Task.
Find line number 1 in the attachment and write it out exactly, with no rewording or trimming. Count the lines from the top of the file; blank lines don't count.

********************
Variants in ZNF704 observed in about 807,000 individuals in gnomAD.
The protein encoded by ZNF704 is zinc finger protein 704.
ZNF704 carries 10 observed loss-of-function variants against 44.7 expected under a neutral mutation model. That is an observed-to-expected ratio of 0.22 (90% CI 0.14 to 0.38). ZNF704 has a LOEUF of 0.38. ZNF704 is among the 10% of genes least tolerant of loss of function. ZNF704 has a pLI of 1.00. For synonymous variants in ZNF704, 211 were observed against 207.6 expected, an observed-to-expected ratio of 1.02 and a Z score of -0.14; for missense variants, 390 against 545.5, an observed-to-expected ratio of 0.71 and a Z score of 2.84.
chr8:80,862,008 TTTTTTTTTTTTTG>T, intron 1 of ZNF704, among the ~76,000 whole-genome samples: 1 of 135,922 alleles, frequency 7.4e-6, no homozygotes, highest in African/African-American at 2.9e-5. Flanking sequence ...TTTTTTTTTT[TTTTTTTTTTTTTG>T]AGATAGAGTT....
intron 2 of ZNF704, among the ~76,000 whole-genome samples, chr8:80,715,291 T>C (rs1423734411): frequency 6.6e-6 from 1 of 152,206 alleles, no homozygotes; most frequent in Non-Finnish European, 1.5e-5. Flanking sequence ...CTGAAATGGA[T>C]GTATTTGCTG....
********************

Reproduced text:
Variants in ZNF704 observed in about 807,000 individuals in gnomAD.